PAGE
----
Everyone feels their best when they consistently eat a healthy, balanced diet. For people with heart disease, nutrition is one of the most important ways you can control your cholesterol and blood pressure and avoid the development of serious complications in the long term. A healthy diet can also help you manage your weight and blood glucose and combat inflammation, which plays a key role in many forms of heart disease.
Some popular diets may contain toxic levels of some nutrients or dangerously low levels of others. Always consult your doctor before making significant changes to your diet.
What does it involve?
A nutritious diet for someone with heart disease is not very different from a healthy diet for other people. In general, focus your diet on fresh vegetables and fruit, whole grains, legumes, fish, low-fat dairy products, and sources of healthy unsaturated fats such as nuts.
Fresh fruits and vegetables are packed with antioxidants, including Vitamin C. Antioxidants are nutrients that may help reduce inflammation. Foods such as cantaloupe, citrus, tomatoes, broccoli, mango, pineapple and berries are especially rich in Vitamin C. Fresh produce is also often high in fiber, vitamins and minerals and lower in calories. Eat as many vegetables as possible, and eat fruit in balance with other carbohydrates. If you can, forgo dip or dressing in order to cut calories and reduce your caloric intake.
Some types of fat raise cholesterol and may contribute to inflammation, while other types may help reduce inflammation. Researchers have tied saturated fats to increased inflammation. Saturated fats come from high-fat animal products (including full-fat dairy), fried foods, and baked goods made with tropical oils. Reduce your saturated fat intake by limiting your consumption of foods such as fatty beef, pork, chicken with skin, lard, cream, butter, cheese, full-fat or 2 percent milk or yogurt. Instead, choose skim milk, fat-free yogurt, skin-free chicken or fish, and vegetarian meat substitutes.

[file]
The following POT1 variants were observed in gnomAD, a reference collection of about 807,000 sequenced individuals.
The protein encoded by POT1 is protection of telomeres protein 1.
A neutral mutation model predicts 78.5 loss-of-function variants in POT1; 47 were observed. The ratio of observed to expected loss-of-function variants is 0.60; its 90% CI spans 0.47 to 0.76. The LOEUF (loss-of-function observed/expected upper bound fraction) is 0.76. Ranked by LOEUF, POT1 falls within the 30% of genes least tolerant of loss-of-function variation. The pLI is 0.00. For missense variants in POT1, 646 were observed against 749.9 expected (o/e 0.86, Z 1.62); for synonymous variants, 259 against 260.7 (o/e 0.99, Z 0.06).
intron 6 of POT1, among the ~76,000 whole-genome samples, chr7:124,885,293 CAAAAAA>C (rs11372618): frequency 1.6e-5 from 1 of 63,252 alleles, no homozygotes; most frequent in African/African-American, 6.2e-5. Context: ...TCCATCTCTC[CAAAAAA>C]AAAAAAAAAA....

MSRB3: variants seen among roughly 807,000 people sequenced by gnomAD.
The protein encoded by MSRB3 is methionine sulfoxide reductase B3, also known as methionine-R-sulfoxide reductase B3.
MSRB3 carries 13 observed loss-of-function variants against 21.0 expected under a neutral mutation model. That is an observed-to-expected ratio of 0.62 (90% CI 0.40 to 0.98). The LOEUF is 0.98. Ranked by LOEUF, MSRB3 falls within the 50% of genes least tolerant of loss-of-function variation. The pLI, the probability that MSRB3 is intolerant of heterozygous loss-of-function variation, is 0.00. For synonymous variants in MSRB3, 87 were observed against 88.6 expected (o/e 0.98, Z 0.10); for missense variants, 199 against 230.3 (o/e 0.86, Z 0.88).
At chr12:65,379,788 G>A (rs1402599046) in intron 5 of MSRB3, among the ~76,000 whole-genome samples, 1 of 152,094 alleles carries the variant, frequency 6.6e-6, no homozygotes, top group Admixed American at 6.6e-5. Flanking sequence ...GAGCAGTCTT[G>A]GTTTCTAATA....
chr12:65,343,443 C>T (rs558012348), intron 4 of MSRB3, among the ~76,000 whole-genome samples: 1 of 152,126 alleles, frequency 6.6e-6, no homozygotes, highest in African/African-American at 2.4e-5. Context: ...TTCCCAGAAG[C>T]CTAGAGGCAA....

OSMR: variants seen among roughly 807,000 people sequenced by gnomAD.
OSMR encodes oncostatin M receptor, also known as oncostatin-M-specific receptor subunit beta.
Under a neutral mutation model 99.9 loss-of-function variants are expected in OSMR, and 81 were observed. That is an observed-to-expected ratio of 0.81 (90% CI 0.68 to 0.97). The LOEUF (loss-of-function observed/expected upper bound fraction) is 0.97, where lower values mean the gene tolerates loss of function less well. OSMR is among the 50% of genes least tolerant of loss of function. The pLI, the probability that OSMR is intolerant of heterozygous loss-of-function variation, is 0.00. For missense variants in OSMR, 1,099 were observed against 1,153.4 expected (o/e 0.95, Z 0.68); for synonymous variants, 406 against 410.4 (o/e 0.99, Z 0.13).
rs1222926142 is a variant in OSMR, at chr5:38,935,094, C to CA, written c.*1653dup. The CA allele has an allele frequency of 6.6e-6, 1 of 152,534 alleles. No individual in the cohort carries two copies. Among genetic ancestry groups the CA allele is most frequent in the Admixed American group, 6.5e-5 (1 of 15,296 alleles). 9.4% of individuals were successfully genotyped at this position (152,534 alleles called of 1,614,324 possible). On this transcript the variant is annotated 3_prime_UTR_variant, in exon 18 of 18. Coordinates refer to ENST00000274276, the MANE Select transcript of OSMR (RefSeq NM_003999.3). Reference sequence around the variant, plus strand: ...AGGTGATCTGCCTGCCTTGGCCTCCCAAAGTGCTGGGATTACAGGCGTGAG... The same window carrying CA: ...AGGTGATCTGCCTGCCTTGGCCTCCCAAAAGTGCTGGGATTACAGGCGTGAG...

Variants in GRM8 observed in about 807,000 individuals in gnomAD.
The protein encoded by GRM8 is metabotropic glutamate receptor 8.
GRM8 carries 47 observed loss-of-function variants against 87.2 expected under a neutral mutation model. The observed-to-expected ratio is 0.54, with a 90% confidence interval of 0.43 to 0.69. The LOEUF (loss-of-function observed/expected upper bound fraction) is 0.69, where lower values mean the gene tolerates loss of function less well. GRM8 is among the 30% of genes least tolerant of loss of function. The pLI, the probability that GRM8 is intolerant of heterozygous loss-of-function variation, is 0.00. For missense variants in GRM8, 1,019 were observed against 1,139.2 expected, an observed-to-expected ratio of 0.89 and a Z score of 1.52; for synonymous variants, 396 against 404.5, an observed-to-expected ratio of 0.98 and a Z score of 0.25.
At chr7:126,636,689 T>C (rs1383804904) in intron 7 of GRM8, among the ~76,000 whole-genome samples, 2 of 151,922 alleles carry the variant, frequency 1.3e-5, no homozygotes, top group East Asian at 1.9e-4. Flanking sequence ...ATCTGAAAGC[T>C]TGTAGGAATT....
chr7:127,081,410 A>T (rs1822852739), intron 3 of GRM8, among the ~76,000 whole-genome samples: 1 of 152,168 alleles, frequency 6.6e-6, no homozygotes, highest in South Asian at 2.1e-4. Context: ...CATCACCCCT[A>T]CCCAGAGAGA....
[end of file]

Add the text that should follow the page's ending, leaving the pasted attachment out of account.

Conversely, the type of fat found in walnuts, pecans, flaxseed, canola and olive oil, and fatty fish such as salmon, tuna, mackerel, lake trout, and sardines may help fight inflammation as well as heart disease. These foods are rich in Omega-3 fatty acids.
Dietary fiber keeps your heart healthy and your bowels working properly. You can eat more high-fiber foods including vegetables, dried or fresh fruits, legumes such as peas or beans, some nuts including almonds and pistachios, and whole-grain products. Making the switch from white bread to whole-grain, from white rice to brown rice, or from regular pasta to whole-grain pasta will also add fiber to your diet. Oats and quinoa are other examples of whole grains. Always check labels to make sure products are whole-grain.
High blood pressure is a serious concern for people with heart disease. A high-sodium diet can raise your blood pressure, raising your risk for stroke and myocardial infarction. Instead of relying on salt, experiment with using lemon juice or different spices such as pepper or curry powder as a way of enhancing the taste of food.
Consider consulting a dietitian or nutritionist to help plan a diet designed to meet your specific needs and goals.
Eating a nutritious, balanced diet can lower your cholesterol and blood pressure, fight inflammation, and lower your risk for serious complications.
Multiple studies have shown that improved nutrition has significant impact on heart disease. Eating a heart-healthy diet can reduce heart disease symptoms and lower the risk for stroke, myocardial infarction, and death.
Side effects of some heart disease medications, which can include nausea, upset stomach, fatigue, and dizziness, may make it difficult to eat regular meals or focus on a healthy diet.
Fatigue, depression, or physical disabilities may make it more difficult to find the energy to prepare fresh, healthy meals. Making large batches of food in advance and freezing several portions for the future can help conserve energy.
You may feel disappointed to give up favorite high-sugar, deep-fried, or full-fat foods. However, think of diet changes as a chance to explore unfamiliar foods and find new favorites. Many recipe books focus on low-fat, high-fiber cooking and provide a wealth of exciting ideas.
Depending on where you live, it may be harder to get to a grocery store with a good selection of produce and other healthy foods.
Eat Right – National Heart, Lung, and Blood Institute
Nutrition – American Heart Association
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